School Talk 41 - Personal Power
Today we’re going to talk about personal power. Everybody seams to want power; and now and then, somebody comes and says, “I’ve been studying this material for the last seven years, and I haven’t gotten anything out of it.” We’re well aware of that—we say we know you wouldn’t get anything out of it.
So we talk about acting upon the information, and they say I forget. So obviously that doesn’t work very well. So if you forget, well you forgot to use it, and you might as well have not studied it in the first place.
So today we’re going to try to consider something in a different light, and maybe it will have an affect of staying with us a little bit. Personal power is the power to accomplish whatever one sets out to do, and an absolute essential for any personal power could be discipline. Now discipline doesn’t mean you’re going to stand over yourself and fight and argue and so forth--it means that you are going to evaluate things to a certain extent. If you wanted to learn to drive an automobile, you would have the discipline to sit in the car and drive it, even though it jolted around a little bit until you got used to it.
If you’re going to be a typist, you sit in front of a typewriter and put your fingers on it until pretty soon the fingers know exactly what to do. But if you never practiced typing, you never practiced driving, you never practiced flying an airplane, under no circumstances would you ever become proficient or perhaps we might say you would never have the power to do any of those things.
So this, then, means that one takes on something other than the four dual basic urges as their purpose. So we first have to come up with a purpose. Now we all have the urge for the four dual basic urges. We want to be comfortable. We sit and think we’re going to do all sorts of things, but we’re not going to do them today. So as long as I don’t do them today, they don’t get done. So it’s very easy to say, “I’m going to do all these great things, and I’m going to do this and that.”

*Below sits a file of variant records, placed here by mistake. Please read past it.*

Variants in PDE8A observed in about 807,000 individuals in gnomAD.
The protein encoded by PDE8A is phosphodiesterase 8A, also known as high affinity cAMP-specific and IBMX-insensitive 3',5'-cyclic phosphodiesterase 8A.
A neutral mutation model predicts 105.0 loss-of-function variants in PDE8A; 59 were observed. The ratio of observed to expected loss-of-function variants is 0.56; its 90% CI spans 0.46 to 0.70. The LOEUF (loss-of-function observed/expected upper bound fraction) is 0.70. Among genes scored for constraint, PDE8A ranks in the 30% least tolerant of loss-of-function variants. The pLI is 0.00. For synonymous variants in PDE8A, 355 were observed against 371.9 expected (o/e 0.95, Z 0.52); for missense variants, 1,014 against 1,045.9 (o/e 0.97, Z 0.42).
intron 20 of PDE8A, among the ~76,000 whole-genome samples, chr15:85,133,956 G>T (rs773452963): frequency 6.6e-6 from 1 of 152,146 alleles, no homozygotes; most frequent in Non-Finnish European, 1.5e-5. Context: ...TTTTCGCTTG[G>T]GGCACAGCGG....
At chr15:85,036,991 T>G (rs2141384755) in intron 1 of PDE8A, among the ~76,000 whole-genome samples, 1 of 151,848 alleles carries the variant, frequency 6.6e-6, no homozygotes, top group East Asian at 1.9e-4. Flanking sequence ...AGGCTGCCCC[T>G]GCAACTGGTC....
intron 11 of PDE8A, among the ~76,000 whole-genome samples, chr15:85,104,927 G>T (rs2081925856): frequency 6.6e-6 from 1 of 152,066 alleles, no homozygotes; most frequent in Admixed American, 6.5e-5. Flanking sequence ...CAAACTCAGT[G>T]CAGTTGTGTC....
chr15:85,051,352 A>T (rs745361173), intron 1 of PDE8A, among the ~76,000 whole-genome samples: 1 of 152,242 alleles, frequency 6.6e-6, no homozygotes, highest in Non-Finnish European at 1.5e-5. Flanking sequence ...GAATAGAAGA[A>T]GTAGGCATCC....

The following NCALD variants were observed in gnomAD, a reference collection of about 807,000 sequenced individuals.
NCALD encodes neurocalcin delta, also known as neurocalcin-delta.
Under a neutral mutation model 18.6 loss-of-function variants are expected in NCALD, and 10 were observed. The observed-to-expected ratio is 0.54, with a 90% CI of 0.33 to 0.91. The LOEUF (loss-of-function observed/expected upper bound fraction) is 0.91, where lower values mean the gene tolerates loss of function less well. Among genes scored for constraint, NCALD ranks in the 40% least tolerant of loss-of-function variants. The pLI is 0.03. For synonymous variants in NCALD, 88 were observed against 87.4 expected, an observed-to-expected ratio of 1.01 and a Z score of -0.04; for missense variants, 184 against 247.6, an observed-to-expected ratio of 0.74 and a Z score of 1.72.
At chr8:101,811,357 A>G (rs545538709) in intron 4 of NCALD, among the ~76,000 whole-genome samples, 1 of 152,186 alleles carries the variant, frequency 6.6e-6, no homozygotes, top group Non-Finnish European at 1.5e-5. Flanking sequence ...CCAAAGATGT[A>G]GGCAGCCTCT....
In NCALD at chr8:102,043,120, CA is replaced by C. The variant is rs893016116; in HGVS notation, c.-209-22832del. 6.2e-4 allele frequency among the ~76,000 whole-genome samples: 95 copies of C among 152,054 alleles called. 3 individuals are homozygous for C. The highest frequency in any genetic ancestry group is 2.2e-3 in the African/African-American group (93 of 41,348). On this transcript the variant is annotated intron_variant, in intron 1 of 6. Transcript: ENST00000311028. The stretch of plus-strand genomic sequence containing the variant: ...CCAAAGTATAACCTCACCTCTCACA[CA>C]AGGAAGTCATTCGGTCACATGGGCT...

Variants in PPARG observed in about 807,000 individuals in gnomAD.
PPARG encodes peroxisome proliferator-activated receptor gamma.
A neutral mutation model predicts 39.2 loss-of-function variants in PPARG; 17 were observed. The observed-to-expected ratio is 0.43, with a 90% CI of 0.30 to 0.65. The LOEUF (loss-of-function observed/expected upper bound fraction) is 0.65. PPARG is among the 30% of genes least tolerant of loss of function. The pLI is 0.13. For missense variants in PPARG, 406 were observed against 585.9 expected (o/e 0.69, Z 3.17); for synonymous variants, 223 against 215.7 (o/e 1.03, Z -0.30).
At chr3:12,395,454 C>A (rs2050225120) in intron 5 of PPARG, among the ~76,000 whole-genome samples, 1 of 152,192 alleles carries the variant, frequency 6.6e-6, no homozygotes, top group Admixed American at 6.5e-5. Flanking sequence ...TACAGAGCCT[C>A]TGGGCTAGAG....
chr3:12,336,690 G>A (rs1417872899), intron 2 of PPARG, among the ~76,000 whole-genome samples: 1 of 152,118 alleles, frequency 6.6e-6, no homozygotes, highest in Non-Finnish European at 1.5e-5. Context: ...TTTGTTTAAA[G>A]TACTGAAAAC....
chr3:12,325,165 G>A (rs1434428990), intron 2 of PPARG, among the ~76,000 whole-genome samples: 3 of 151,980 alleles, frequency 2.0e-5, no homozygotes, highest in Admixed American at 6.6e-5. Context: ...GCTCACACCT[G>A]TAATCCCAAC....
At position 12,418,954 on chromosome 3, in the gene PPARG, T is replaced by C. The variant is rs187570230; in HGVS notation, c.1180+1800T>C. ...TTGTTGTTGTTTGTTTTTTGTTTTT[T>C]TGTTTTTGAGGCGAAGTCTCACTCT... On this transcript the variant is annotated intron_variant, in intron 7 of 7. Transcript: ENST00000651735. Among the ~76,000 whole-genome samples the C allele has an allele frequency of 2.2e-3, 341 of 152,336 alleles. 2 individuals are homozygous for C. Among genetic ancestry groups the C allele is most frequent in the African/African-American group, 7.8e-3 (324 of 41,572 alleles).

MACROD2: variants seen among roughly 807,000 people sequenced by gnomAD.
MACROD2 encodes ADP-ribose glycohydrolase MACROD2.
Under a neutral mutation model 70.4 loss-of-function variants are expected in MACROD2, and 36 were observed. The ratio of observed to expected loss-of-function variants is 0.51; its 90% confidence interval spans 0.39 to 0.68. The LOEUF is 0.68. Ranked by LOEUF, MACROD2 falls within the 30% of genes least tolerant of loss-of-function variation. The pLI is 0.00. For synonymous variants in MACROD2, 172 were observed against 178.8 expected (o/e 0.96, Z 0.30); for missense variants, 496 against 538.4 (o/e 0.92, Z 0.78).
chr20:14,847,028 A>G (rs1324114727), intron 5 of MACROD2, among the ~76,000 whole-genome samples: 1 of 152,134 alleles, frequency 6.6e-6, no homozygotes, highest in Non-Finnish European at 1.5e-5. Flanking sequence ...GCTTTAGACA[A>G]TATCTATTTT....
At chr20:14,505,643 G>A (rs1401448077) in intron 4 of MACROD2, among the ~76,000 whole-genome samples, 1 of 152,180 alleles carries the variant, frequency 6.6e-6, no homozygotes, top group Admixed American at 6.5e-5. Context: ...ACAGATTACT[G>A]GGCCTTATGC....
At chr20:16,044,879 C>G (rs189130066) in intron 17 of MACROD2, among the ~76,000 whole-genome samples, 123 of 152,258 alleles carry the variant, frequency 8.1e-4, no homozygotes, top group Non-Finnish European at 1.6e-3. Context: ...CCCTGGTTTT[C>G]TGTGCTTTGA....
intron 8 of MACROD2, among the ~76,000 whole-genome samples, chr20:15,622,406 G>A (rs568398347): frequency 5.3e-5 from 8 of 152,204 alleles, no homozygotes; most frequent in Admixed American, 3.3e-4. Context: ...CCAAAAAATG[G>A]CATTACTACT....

Let’s say that one of us wanted to be a body builder, and we were going to develop big muscles. We go down to the nearest Nautilus or other health club and we buy a membership. We keep our membership paid up for five years, but we never go down there. If we do go down there, all we do is sit in the whirlpool and let the bubbles bubble around us. Then we say at the end of five years, these health spas, where you develop muscles are no good because I belonged to one for five years, and I’m still a weakling. So I think anybody can see the joke in that.
If one would want to have personal power--spiritual power--one first takes the discipline to say I have an idea that I want to accomplish certain things. I want to have certain abilities—so then I will study something. I will take up an idea and a very simple one. One Idea that we make available constantly is that you can feel, act, think or stay in your same rut. You can think, act, feel, and develop about anything you want to. So first, we determine us a purpose.
Now having a purpose is no good if we only have it for today--It’s like our person who belonged to the gym but never went there except to sit in the whirlpool. If one never picked up a weight, never pushed one of the machines, never exercised then nothing is going to happen. The simple fact of just belonging to the gym is not going to make you a bodybuilder.
So we will see that we first pick us up as a purpose, and then we will act on that purpose. Now to act upon it requires a certain amount of self-discipline--that we will act upon it. You also know that in each case of typing, driving a car, flying an airplane, or body building, that we had to continue on a more or less regular basis—mostly a more regular basis. So if we only practiced once a day and then six months from now we practiced again and a year from then we practice another one, we’d never accomplish anything. Nobody would become an expert typist. Nobody would become an excellent driver to get a driver’s license to drive down the street. Nobody would be able to get to fly an airplane. So it requires the perseverance or the continuing at it.